The neighboring Koreas technically remain at war after fighting ended with an armistice instead of a peace treaty in 1953.
Moon and his allies are intent on acting as mediators between Pyongyang and Washington, expressing confidence that a meeting between Trump and Kim will happen soon.
“I am 99 percent certain the summit will take place,” said Kim Hong-gul, a political ally of Moon’s and the son of former South Korean President Kim Dae-jung, who initiated his country’s first rapprochement with North Korea in 2000.
Kim Hong-gul is one of the few South Korean politicians who had met Kim Jong Un prior to last month’s Panmunjom summit, and has direct lines of communication with key North Korean leaders.
“I get the feeling that for Kim and Trump, neither side is willing to break the deal. Neither has the guts to do it,” Kim Hong-gul told NBC News. “They were just bluffing, very gently compared with the past, to save face because of domestic and international attention and pressure.”
In Trump’s case, this “bluffing” involves apocalyptic language which, in the context of a potential nuclear conflict, is alarming.
“You talk about your nuclear capabilities, but ours are so massive and powerful that I pray to God they will never have to be used,” Trump wrote to Kim Jong Un in his letter announcing he was canceling the summit.
And should the meeting originally scheduled for June 12 in Singapore end without an agreement, or without a commitment to continue talking, plans for a “limited military strike” may again take front-and-center in U.S. policy toward North Korea.
Although White House administration officials have said they are confident they can carefully calibrate such a strike to ensure it would not spiral into a wider conflict, such an outcome would be far from certain.
“It is far more likely that a U.S. attack on North Korea, no matter how limited, would result in the dissolution of the 1953 armistice and a resumption of war between North Korea and the US-ROK alliance,” retired Air Force Lt. Gen. Jan-Marc Jouas, a former deputy commander of U.S. Forces Korea, wrote in a letter to Congress in November. “An attack by the U.S. on North Korea’s strategic nuclear capabilities, which they deem essential to the regime’s survival, would most likely be viewed as an existential threat and generate a corresponding response.”
The more than 25 million South Koreans who live in and around Seoul would be put at immediate risk, as would the more than 28,000 American service members based on the Korean Peninsula.
“Unfortunately, North Korean artillery, rockets, and missiles that threaten the capital will take days to eliminate, even under ideal conditions,” Jouas added. “During that time an enormous casualty and evacuee crisis will develop.”
Jouas predicted that during those crucial days, the U.S. would be faced with having to try to evacuate “over 100,000 noncombatant Americans” alone, without even considering the tens of thousands of combatants and South Korean civilians who would likely die.
Many Korea watchers outside of Seoul remain unconvinced that the summit is well and truly off. Every party involved has a reason to come to the bargaining table, they say.
“It’s in North Korea’s interest to pursue talks with President Trump — there’s the prestige factor, plus the economic benefits and even legitimacy as a member of the international community,” said Soo Kim, a former CIA intelligence analyst who specializes in North Korea.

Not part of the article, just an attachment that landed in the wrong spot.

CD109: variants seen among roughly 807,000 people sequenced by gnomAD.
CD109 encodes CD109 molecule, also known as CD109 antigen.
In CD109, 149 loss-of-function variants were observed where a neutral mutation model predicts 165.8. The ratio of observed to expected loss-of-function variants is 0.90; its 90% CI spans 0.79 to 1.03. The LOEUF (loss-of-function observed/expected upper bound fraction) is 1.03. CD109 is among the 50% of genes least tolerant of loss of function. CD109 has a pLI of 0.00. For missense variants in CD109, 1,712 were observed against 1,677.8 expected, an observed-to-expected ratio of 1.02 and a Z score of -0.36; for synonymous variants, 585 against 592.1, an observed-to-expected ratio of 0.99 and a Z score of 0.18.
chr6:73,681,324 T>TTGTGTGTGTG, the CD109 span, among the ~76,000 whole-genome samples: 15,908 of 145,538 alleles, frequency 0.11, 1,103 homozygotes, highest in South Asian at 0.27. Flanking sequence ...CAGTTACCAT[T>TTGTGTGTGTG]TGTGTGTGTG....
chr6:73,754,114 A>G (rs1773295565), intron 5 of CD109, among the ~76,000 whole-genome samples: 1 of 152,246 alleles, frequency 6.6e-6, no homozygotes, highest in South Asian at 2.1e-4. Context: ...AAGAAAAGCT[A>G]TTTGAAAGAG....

Soo Kim highlighted that Moon has made North Korea “a legacy priority” for his administration and that Trump holding successful talks with North Korea would be “an achievement no U.S. president has ever attained.”
As officials like National Security Adviser John Bolton and Trump publicly contemplate a military strike, there are downsides to being stuck in the middle between Pyongyang and Washington.
Moon’s role as a mediator “carries the risk of being seen as Seoul putting itself halfway between the common enemy” who is threatening both the U.S. and South Korea, with the United States “having put its sons and daughters in harm’s way to protect it,” according to Bruce Klingner, a senior research fellow for Northeast Asia at the Heritage Foundation, a conservative think tank.
North Korea has said in public statements that it wants an official end to the Korean War. It also wants nothing short of full normalization of relations with the U.S. and to be treated with respect and as an equal in the global arena.
Adam Mount, a senior fellow at the Federation of American Scientists who specializes in nuclear strategy and North Korea, said that for Moon the peace process “stands between his country and a devastating war that could kill hundreds of thousands.”
“Moon should not have to choose between his alliance with the United States and peace,” Mount said. “The safety of the South Korean people should be the foremost priority of the Trump administration, because our ally’s security is inextricably linked to our own.”
But if a bilateral meeting between Trump and Kim Jong Un does take place, Moon may be left as a virtual bystander while the two leaders take matters into their own hands.
Victor Cha, former director of Northeast Asian affairs at the National Security Council, said that the potential Singapore summit would only be the beginning. It’s what happens there that really matters.
“We’re all focused on the roller coaster. But in terms of the substance, the key issue is: Are they going to give up their nuclear weapons? And I think unfortunately, the answer is no,” Cha told “Meet the Press” on Sunday. “Do they want a peace treaty, the North Koreans? Absolutely. And they want a peace treaty because it validates them as a nuclear weapon state. It ensures that Trump won’t attack.”